Tuesday, December 16, 2014

12/16: Allie Leach on Ferguson, St. Louis, and Judy Garland singing 'bout Christmas

I was born in Ferguson, Missouri. I was only three when my family moved away from the now infamous town, so I don’t remember too much, besides what I’ve seen in pictures: my Dad smiling widely, hugging me down a slide in Jefferson Wabash Park. Licking an ice cream cone from Turner’s Frozen Custard. Splashing around with my sister Mary in our plastic elephant swimming pool. All happy memories. My family moved westward, further from the city, like the rest of my relatives, like many other white families. The schools were better, they’d say. It’s safer out there, they’d say. Even though I didn’t live in Ferguson for very long, I still feel some ownership: that’s my hometown. There’s a sense of nostalgic pride that comes with having a hometown. I want to protect it, like I would a young child who’s fallen down. And yet, simultaneously, I feel other mixed emotions: anger, sadness, embarrassment. Before the shooting in Ferguson, I never told people that I was from Ferguson. I never told people I was from Ballwin, either. Ballwin—a suburb about 45 minutes west of downtown St. Louis—was where I truly grew up, and where my parents still live. Whenever anyone asked where I was from, it was always St. Louis. Or sometimes: St. Louie. Or, if I wanted to strike up some pseudo street-cred by quoting the rapper Nelly: St. Lou-way. Where the gun play rings all day. That lyric strikes a bitter chord in light of what’s happened now.

When I go home for Christmas every year, my family holes up in our little ranch-style home—the house I grew up in—and watches a medley of Christmas movies. We watch the usual ones, the ones that I imagine many other families like mine and not like mine watch together, too. You probably already know which ones I’m talking about: National Lampoon’s Christmas Vacation, It’s a Wonderful Life, A Christmas Story, A Muppet’s Christmas Carol, and White Christmas.

Another movie that we always watch—which most people probably wouldn’t consider a Christmas movie, though I do—is Meet me in St. Louis. Perhaps it’s because Christmas reminds me of home. But Christmas is a minor actress herself in this movie, when Esther Smith (played by Judy Garland) sings, “Have Yourself a Merry Little Christmas” to her much younger sister, Trudy. The songwriter, Hugh Martin, didn’t intend or even foresee that the song would become so synonymous with Christmas. In fact, the original lyrics weren’t supposed to be as warm and optimistic as the lyrics that many people can sing from memory. Check out these original lyrics below, which pertained more to the specific scene from the movie, when the father of the Smith clan tells them that they’ll be leaving their beloved hometown to move to New York:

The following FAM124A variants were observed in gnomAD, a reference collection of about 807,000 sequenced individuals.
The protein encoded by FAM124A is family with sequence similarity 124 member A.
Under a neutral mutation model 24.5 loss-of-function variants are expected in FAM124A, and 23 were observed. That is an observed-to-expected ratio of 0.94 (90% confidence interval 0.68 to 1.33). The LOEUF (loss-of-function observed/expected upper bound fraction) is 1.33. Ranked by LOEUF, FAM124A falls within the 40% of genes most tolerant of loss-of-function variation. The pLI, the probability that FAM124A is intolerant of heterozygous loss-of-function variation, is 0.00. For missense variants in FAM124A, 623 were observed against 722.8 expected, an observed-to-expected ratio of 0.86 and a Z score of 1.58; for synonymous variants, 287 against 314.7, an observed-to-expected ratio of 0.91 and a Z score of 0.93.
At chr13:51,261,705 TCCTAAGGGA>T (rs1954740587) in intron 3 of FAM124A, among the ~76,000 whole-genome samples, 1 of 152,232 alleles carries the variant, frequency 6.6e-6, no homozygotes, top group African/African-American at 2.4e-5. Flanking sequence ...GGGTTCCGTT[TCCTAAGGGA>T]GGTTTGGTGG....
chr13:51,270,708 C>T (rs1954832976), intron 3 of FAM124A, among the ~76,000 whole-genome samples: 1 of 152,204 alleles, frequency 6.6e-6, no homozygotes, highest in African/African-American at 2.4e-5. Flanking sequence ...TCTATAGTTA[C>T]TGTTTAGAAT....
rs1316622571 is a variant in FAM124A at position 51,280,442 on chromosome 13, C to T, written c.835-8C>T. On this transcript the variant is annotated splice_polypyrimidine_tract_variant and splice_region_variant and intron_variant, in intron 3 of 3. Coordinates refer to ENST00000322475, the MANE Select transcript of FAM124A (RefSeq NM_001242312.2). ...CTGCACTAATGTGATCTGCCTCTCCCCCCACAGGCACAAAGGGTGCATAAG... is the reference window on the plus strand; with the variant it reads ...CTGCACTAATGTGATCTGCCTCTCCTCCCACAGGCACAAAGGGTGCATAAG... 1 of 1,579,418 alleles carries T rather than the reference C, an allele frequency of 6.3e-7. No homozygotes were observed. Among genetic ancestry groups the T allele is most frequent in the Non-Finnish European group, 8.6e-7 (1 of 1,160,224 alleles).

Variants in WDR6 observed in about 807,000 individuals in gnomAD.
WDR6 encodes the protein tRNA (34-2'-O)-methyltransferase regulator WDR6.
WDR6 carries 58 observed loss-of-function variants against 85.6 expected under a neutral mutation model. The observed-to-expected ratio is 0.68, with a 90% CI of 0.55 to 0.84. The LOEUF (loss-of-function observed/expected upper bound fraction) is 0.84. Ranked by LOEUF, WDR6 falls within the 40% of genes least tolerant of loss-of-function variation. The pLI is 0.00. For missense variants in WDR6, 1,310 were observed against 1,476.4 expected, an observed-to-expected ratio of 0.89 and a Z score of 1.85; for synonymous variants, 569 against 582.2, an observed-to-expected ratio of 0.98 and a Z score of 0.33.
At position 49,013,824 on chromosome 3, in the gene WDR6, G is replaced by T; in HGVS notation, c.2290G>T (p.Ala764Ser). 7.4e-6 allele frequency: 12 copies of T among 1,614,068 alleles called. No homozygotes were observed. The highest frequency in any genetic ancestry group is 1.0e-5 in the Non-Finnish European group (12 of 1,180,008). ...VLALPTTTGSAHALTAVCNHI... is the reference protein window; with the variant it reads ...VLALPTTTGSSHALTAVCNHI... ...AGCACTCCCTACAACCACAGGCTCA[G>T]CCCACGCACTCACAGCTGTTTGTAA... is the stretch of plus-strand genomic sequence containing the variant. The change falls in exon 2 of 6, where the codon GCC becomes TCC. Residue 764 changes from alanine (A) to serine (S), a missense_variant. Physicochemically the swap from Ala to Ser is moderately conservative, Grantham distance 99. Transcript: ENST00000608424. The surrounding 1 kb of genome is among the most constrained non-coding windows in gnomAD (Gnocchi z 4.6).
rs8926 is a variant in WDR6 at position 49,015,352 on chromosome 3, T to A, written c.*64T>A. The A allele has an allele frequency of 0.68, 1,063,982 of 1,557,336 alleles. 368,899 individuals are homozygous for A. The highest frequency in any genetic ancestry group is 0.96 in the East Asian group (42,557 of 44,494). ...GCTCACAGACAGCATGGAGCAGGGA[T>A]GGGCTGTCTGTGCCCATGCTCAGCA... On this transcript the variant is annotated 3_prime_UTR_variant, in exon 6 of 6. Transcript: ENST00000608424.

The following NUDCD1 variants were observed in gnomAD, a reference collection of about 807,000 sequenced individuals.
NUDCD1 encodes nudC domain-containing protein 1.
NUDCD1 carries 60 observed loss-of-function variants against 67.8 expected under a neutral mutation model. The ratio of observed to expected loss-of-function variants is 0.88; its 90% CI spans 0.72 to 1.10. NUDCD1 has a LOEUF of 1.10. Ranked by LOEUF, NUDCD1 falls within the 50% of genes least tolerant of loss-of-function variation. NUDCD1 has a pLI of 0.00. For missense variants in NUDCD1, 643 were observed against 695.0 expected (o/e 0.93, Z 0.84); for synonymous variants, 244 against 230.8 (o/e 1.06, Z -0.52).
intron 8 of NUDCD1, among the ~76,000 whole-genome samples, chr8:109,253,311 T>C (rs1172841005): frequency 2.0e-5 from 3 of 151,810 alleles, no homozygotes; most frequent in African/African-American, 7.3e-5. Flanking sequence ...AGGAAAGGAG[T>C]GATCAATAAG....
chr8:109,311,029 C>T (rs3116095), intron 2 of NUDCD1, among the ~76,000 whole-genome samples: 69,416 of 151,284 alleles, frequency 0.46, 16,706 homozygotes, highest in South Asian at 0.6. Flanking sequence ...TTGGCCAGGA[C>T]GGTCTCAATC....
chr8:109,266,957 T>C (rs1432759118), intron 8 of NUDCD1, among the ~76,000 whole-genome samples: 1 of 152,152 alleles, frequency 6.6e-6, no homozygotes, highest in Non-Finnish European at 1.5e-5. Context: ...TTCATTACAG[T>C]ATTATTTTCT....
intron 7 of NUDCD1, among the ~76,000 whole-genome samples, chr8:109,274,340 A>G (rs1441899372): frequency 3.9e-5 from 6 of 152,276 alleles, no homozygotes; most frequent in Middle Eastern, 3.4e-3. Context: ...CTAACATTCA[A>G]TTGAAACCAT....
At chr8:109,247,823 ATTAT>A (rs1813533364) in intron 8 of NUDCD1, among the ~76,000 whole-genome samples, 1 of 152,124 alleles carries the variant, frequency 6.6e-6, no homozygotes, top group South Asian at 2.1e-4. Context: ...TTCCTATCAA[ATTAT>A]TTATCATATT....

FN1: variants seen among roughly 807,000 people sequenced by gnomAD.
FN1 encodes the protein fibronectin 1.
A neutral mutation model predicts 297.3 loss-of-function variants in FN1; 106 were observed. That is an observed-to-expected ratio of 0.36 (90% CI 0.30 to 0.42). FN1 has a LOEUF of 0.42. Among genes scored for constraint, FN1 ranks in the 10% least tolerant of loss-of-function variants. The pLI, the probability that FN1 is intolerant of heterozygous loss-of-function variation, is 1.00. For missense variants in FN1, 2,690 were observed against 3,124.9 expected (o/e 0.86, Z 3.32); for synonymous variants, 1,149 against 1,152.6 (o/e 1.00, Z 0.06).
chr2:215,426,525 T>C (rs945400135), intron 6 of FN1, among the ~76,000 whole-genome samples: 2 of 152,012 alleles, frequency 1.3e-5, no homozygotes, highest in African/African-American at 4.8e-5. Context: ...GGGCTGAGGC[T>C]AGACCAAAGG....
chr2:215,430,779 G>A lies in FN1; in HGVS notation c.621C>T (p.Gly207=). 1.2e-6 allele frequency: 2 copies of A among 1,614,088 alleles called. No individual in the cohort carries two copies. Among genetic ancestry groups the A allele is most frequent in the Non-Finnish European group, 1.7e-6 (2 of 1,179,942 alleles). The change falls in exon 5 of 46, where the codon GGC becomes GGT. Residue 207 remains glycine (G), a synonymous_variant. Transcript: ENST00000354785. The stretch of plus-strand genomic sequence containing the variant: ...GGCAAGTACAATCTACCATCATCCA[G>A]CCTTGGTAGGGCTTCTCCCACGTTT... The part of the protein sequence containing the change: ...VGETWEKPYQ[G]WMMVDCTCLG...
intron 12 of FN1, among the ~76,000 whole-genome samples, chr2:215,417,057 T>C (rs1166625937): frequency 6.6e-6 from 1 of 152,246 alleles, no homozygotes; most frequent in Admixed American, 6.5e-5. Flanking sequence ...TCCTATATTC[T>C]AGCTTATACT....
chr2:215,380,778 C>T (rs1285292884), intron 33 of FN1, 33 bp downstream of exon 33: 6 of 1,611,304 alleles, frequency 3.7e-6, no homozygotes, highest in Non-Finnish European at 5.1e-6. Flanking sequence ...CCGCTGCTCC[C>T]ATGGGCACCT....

Have yourself a merry little Christmas
It may be your last
Next year we may all be living in the past
Have yourself a merry little Christmas
Pop that champagne cork
Next year we may all be living in New York
No good times like the olden days
Happy golden days of yore
Faithful friends who were dear to us
Will be near to us no more
But at least we all will be together
If the Lord allows
From now on, we'll have to muddle through somehow
So have yourself a merry little Christmas now

Wah-waaaaaaaaaahhhhhhh. Am I right? What a downer of a song. But these lyrics are more honest and true to what the characters were feeling in the movie. When Martin presented these lyrics to the MGM executives, they were reluctant: “Couldn’t it be more uplifting?” And so Martin changed the lyrics to this, to the song that we know today:

Have yourself a merry little Christmas
Let your heart be light
From now on our troubles will be out of sight
Have yourself a merry little Christmas
Make the Yule-tide gay
From now on our troubles will be miles away

Here were are as in olden days, happy golden days of yore
Faithful friends who are dear to us, gather near to us once more

Through the years we all will be together, if the Fates allow
Hang a shining star upon the highest bough
And have yourself a merry little Christmas now

A complete shift, a completely different song. Through these lyrics, Esther tries to soothe Trudy, tries to convince her that even though the family is forced against their will to move, that everything will be alright. That it’s Christmas, and they’re all together, and everything will be okay. That leaving St. Louis for New York won’t be so bad. Trudy’s not convinced. In the midst of Esther’s cooing vibrato, she runs outside crying and screaming and smashes up the snowmen in their backyard with a stick. Unlike Esther, she can’t hide the pain and anger she’s feeling.

It’s been a long time since I’ve visited Ferguson. My family drove past our home once or twice when I was younger, just to see what it looked like, how it had changed. I remember my Mom saying that the new owners needed to trim the bushes back, because you could barely see the house. This Christmas, I want to go back to Ferguson for different reasons. I want to see what it looks like in the aftermath. What’s been destroyed? What’s burned down? What’s been broken? I want to talk to families in the neighborhood where I grew up, where Michael Brown grew up. I want to know how far away my old house was from his home. As much as I want to relate, I know that the lyrics to my Christmas experience will be the sugar cookie version of “Have Yourself a Merry Little Christmas,” while the Brown family’s experience will probably mirror that of the former version. The more painful and honest version. I’m lucky and privileged and white. And I’m not sure what to do with all that.

Allie Leach’s work has appeared in Hot Metal Bridge, South Loop Review, DIAGRAM, and Tucson Weekly, among other places. She lives and teaches in Tucson.

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